What if Eisenhower’s budget were your (grandparents’) family’s?

What if Eisenhower’s budget were your (grandparents’) family’s? What if Kennedy’s were? How about LBJ’s?  Nixon’s? What if Reagan’s were your parents’ or your own family’s? How about G.H.W. Bush’s? Clinton’s? G.W. Bush’s?
One of my pet peeves is the use by political reporters and pundits of sophistic or downright imbecilic supposed analogies.  (Like last week’s classic from Politco’s Jim VandeHei, analogizing Obama’s justification for agreeing to team up with a Super PAC, notwithstanding his opposition to the Citizens United decision, to a teenager’s refrain that he wants to what “everyone else” is doing—as if what the teen’s friends are doing would have a profound effect on the teenager and others unless that teenager went along.)
So this morning when I clicked on the Yahoo News page, my opening page for one of the web browsers I use, and saw that one of the featured videos was a clip from last night’s ABC Nightly News broadcast, titled “What if Obama’s Budget Were Your Family’s?”, I shook my head in dismay at the sheer persistence of this ridiculously false analogy. 

The clip begins with Diane Sawyer introducing a piece by ABC’s White House correspondent Jake Tapper purporting to explain Obama’s submitted budget by reducing the basic amounts of money—the budget total, the deficit in the budget, and the amount of debt already owed—by lopping off eight zeroes at the end, so that $38 trillion becomes $38,000 (a plausible middle-class annual expenditure), for example.  In this analogy, the family’s annual deficit is about $9,000, because this is a so-called working-class family whose annual income is $29,000. The $9,000 deficit will be added to the family’s already-existing “credit card” debt of $153,000.  Or something.

The clip then shows Tapper at Jay Carney’s press briefing yesterday asking whether, given the increase in amount of debt after one year, this isn’t irresponsible.  Tapper then moves to a Feb. 2009 clip of Obama promising to reduce the deficit his administration inherited, by one-half.  Tapper says Obama’s budget breaks this promise.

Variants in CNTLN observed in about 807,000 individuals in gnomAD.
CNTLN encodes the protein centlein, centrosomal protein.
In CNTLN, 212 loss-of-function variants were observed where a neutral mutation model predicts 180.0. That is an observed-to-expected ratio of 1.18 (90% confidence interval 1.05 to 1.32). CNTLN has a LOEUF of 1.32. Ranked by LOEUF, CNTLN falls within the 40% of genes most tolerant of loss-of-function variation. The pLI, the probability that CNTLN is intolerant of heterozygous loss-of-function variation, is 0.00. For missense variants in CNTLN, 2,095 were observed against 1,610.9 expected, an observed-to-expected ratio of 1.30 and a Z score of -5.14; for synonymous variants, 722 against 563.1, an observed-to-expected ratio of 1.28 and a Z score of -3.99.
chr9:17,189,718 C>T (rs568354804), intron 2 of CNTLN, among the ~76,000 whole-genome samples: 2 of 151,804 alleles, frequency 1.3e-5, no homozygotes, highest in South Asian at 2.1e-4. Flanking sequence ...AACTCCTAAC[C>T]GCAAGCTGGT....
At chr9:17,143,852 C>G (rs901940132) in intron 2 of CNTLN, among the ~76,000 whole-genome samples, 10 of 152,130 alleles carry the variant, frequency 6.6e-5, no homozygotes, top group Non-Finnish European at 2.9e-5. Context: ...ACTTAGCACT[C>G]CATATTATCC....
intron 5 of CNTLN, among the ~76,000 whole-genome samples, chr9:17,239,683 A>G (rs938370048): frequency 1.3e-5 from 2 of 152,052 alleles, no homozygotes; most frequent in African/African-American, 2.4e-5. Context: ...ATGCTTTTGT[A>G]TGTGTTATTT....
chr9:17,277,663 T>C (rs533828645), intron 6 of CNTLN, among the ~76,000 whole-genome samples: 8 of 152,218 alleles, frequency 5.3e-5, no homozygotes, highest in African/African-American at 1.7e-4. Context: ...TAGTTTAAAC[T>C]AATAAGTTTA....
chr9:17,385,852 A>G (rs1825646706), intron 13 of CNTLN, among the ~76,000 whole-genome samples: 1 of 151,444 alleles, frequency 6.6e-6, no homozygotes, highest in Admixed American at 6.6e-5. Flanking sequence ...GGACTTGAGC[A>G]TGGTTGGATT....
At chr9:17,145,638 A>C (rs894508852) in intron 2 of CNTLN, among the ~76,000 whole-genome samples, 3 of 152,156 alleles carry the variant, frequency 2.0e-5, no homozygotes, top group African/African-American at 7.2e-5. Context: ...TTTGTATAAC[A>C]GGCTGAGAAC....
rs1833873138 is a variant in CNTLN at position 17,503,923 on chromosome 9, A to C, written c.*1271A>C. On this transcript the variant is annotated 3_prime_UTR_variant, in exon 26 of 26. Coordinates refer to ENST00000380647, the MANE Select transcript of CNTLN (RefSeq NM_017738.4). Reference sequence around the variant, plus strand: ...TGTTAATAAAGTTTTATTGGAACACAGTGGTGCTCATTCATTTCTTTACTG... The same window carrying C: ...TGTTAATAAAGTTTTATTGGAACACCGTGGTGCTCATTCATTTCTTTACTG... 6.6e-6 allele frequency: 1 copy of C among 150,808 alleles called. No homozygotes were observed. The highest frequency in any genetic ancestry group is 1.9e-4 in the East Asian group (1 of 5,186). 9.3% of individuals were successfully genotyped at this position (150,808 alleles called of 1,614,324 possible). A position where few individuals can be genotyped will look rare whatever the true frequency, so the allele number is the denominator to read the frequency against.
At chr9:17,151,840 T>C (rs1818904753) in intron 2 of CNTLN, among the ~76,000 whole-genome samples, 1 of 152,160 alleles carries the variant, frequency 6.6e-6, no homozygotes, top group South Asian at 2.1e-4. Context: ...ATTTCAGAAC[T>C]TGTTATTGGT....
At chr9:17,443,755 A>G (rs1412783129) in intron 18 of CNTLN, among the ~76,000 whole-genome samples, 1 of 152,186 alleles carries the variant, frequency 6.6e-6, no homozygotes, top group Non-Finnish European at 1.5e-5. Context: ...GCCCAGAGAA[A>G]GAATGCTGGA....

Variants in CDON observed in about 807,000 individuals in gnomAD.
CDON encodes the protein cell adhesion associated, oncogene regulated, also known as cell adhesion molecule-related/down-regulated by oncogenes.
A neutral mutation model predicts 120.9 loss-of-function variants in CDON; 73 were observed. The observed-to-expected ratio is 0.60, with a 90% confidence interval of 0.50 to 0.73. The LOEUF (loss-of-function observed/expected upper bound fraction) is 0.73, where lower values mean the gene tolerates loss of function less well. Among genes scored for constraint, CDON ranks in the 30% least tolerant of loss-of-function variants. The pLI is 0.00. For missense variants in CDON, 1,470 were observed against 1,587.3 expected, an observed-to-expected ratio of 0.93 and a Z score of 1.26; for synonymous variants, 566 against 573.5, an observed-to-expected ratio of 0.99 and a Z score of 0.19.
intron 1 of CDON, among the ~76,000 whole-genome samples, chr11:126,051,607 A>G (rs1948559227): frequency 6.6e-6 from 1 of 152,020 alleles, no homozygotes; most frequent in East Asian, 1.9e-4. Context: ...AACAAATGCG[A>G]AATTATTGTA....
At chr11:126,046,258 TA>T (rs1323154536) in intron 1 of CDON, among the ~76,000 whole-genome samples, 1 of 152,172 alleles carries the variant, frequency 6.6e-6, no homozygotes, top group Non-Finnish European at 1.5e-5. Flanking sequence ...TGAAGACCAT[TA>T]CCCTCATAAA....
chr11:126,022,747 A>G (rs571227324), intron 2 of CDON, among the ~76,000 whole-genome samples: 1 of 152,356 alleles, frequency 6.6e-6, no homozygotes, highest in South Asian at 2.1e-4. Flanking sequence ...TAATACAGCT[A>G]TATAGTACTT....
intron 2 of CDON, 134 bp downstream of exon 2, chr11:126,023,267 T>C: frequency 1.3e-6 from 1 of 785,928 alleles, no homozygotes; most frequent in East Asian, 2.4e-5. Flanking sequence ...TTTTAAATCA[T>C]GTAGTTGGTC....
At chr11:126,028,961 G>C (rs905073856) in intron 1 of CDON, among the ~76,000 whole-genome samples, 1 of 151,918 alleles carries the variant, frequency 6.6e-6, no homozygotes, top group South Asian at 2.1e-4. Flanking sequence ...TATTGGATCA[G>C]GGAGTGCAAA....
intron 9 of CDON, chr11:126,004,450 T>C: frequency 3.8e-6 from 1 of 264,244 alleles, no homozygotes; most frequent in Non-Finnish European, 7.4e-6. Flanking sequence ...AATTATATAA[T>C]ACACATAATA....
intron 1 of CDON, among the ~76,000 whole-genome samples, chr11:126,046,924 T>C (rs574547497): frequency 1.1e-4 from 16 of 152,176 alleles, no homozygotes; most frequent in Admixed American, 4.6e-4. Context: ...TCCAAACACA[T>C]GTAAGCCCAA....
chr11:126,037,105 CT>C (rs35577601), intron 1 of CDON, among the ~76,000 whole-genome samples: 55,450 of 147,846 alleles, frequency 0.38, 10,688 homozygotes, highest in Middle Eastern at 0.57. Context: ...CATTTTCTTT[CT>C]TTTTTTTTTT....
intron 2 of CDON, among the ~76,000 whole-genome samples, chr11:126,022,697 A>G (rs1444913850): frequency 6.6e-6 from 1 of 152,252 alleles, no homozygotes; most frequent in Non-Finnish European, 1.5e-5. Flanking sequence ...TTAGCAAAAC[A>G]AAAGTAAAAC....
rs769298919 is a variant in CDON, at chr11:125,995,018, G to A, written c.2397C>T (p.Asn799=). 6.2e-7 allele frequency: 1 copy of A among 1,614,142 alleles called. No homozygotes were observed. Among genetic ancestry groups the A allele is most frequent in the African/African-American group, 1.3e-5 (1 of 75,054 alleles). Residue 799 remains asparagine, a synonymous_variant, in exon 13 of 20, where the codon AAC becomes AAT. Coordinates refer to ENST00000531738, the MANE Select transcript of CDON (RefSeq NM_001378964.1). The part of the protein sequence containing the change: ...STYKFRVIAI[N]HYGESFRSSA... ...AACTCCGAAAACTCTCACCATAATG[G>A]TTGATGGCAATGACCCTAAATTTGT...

Which it does, assuming that the promise wasn’t based partly on a proposal to end most of the Bush tax cuts.  The clip is, well, clipped, so its context is missing.  But since Obama’s attempts to end enough of the Bush tax cuts to substantially lower the deficit have been blocked by the Republicans, any reference to this broken promise should give Obama the opportunity to point this out.  All he has to do is actually take that opportunity to do that.  Which, with Obama, is problematic.

But as for the tiresome family-budget analogy, Obama himself is partly to blame for its persistence, having (stupefyingly) adopted it, repeatedly, himself rather than explaining the easily explainable: that the analogy is false and destructive.  Basic Keynesian economics is really not very hard to explain, so why make false representations of economic fact that undermine your policy positions, rather than bother to explain it?

But even just taking the analogy on its own terms, I’m wondering why all of that working-class family’s current $153,000 debt is described as credit card debt rather than, say, mortgage debt, or student-loan debt, or car-purchase debt owed as monthly car payments (and necessary for the family breadwinners to get to work).  Or why the credit card debt might not reflect necessary purchases such as food and gas, or, say, a furnace or roof replacement for the home.  Is their income too low for them to own a home?  Have a car?  Take out college loans?

And this is not even to mention that families cannot raise their annual income by deciding to do so, as governments can by, say, increasing tax receipts. 

Which brings me to the point in the title of this post: What if Eisenhower’s budget were your (grandparents’ or parents’) family’s? Really were?  What would the country be like now if it had been?  What if Kennedy’s were? How about LBJ’s?  Nixon’s?  How about Reagan’s?  G.H.W. Bush’s? Clinton’s? G.W. Bush’s?  And what if the current budget, and revenue-raising options, really were like your family’s?

Any takers?  Jake Tapper?